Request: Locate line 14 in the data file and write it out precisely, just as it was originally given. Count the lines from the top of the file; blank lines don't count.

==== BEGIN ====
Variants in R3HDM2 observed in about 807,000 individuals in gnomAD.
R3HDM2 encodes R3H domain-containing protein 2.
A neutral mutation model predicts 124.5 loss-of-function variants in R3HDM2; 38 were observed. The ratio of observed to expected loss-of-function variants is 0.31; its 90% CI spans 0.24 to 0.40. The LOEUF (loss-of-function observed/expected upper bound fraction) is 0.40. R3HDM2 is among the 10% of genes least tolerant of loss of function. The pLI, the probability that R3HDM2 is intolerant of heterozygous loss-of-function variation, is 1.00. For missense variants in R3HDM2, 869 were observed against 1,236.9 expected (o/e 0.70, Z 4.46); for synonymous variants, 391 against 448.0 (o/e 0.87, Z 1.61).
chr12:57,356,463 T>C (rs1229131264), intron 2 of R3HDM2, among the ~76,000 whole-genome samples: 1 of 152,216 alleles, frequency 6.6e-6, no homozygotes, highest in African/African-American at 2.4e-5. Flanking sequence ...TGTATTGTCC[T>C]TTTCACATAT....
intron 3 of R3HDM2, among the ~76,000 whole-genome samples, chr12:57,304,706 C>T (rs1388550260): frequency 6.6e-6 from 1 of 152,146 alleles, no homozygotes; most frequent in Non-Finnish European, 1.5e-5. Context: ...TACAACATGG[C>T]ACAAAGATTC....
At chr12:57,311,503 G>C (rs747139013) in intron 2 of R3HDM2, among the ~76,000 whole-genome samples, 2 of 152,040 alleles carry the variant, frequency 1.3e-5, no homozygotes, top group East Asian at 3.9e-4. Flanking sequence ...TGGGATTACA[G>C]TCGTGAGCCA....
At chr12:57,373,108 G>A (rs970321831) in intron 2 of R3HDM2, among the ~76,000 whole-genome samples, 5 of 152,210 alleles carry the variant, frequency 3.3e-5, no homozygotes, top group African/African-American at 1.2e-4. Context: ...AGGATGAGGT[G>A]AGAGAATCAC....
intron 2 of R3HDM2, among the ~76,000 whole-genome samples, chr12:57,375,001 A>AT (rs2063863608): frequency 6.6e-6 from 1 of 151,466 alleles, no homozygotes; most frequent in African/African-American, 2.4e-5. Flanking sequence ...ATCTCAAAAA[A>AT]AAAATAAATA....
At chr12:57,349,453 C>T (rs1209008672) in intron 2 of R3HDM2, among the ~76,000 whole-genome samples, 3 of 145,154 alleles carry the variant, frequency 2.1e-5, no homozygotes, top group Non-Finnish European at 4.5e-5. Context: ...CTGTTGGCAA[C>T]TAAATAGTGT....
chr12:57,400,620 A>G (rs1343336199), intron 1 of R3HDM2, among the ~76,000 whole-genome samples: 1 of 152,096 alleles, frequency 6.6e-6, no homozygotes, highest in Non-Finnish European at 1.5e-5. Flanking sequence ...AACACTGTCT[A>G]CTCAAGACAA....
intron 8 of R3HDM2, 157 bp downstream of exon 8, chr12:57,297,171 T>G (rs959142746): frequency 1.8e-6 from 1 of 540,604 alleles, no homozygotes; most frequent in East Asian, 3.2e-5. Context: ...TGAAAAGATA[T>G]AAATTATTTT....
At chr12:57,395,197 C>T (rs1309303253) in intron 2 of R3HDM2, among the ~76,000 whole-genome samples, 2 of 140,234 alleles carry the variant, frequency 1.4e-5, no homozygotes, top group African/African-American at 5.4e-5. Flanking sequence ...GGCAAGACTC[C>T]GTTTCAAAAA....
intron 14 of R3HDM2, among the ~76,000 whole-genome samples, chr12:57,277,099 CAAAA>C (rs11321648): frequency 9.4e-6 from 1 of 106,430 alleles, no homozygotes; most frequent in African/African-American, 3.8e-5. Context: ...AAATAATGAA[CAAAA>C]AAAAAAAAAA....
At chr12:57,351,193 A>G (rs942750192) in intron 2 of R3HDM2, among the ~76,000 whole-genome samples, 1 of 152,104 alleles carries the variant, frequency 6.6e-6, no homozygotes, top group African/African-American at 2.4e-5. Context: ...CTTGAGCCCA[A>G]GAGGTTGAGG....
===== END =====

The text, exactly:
At chr12:57,351,193 A>G (rs942750192) in intron 2 of R3HDM2, among the ~76,000 whole-genome samples, 1 of 152,104 alleles carries the variant, frequency 6.6e-6, no homozygotes, top group African/African-American at 2.4e-5. Context: ...CTTGAGCCCA[A>G]GAGGTTGAGG....